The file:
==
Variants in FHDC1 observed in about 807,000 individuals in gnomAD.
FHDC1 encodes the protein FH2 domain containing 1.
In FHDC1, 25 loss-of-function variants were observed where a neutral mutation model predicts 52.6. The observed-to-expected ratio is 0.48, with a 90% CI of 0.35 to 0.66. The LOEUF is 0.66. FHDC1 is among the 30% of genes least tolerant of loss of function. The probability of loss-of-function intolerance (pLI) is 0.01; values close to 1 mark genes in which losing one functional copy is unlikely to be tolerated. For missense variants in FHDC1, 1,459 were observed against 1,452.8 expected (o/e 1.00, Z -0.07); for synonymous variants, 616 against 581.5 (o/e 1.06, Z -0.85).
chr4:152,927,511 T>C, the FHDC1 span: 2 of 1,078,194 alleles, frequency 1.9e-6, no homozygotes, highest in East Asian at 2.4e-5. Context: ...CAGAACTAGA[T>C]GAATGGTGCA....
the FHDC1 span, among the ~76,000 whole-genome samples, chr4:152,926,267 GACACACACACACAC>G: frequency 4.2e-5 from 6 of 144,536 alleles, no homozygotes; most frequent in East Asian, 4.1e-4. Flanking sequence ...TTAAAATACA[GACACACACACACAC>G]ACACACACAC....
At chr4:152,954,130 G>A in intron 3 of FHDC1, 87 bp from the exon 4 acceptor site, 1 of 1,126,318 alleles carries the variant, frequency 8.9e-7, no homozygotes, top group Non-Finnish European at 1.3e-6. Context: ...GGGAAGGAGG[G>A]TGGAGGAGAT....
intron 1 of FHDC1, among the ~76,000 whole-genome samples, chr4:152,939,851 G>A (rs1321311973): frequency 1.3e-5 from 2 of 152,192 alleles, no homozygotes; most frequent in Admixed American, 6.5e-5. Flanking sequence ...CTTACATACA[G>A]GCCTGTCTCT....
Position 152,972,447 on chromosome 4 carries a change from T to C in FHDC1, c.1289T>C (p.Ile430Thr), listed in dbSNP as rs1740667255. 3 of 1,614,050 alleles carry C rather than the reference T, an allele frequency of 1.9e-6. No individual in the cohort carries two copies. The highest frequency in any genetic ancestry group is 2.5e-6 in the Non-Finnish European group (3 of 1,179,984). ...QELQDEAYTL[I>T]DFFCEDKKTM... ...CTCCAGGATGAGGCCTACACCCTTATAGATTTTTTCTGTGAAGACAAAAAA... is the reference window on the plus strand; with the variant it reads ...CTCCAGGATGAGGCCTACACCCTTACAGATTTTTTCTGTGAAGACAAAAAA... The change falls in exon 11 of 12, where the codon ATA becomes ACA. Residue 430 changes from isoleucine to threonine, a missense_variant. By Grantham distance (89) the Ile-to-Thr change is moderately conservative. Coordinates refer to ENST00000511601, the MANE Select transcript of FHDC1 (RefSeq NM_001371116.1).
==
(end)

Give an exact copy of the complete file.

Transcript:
Variants in FHDC1 observed in about 807,000 individuals in gnomAD.
FHDC1 encodes the protein FH2 domain containing 1.
In FHDC1, 25 loss-of-function variants were observed where a neutral mutation model predicts 52.6. The observed-to-expected ratio is 0.48, with a 90% CI of 0.35 to 0.66. The LOEUF is 0.66. FHDC1 is among the 30% of genes least tolerant of loss of function. The probability of loss-of-function intolerance (pLI) is 0.01; values close to 1 mark genes in which losing one functional copy is unlikely to be tolerated. For missense variants in FHDC1, 1,459 were observed against 1,452.8 expected (o/e 1.00, Z -0.07); for synonymous variants, 616 against 581.5 (o/e 1.06, Z -0.85).
chr4:152,927,511 T>C, the FHDC1 span: 2 of 1,078,194 alleles, frequency 1.9e-6, no homozygotes, highest in East Asian at 2.4e-5. Context: ...CAGAACTAGA[T>C]GAATGGTGCA....
the FHDC1 span, among the ~76,000 whole-genome samples, chr4:152,926,267 GACACACACACACAC>G: frequency 4.2e-5 from 6 of 144,536 alleles, no homozygotes; most frequent in East Asian, 4.1e-4. Flanking sequence ...TTAAAATACA[GACACACACACACAC>G]ACACACACAC....
At chr4:152,954,130 G>A in intron 3 of FHDC1, 87 bp from the exon 4 acceptor site, 1 of 1,126,318 alleles carries the variant, frequency 8.9e-7, no homozygotes, top group Non-Finnish European at 1.3e-6. Context: ...GGGAAGGAGG[G>A]TGGAGGAGAT....
intron 1 of FHDC1, among the ~76,000 whole-genome samples, chr4:152,939,851 G>A (rs1321311973): frequency 1.3e-5 from 2 of 152,192 alleles, no homozygotes; most frequent in Admixed American, 6.5e-5. Flanking sequence ...CTTACATACA[G>A]GCCTGTCTCT....
Position 152,972,447 on chromosome 4 carries a change from T to C in FHDC1, c.1289T>C (p.Ile430Thr), listed in dbSNP as rs1740667255. 3 of 1,614,050 alleles carry C rather than the reference T, an allele frequency of 1.9e-6. No individual in the cohort carries two copies. The highest frequency in any genetic ancestry group is 2.5e-6 in the Non-Finnish European group (3 of 1,179,984). ...QELQDEAYTL[I>T]DFFCEDKKTM... ...CTCCAGGATGAGGCCTACACCCTTATAGATTTTTTCTGTGAAGACAAAAAA... is the reference window on the plus strand; with the variant it reads ...CTCCAGGATGAGGCCTACACCCTTACAGATTTTTTCTGTGAAGACAAAAAA... The change falls in exon 11 of 12, where the codon ATA becomes ACA. Residue 430 changes from isoleucine to threonine, a missense_variant. By Grantham distance (89) the Ile-to-Thr change is moderately conservative. Coordinates refer to ENST00000511601, the MANE Select transcript of FHDC1 (RefSeq NM_001371116.1).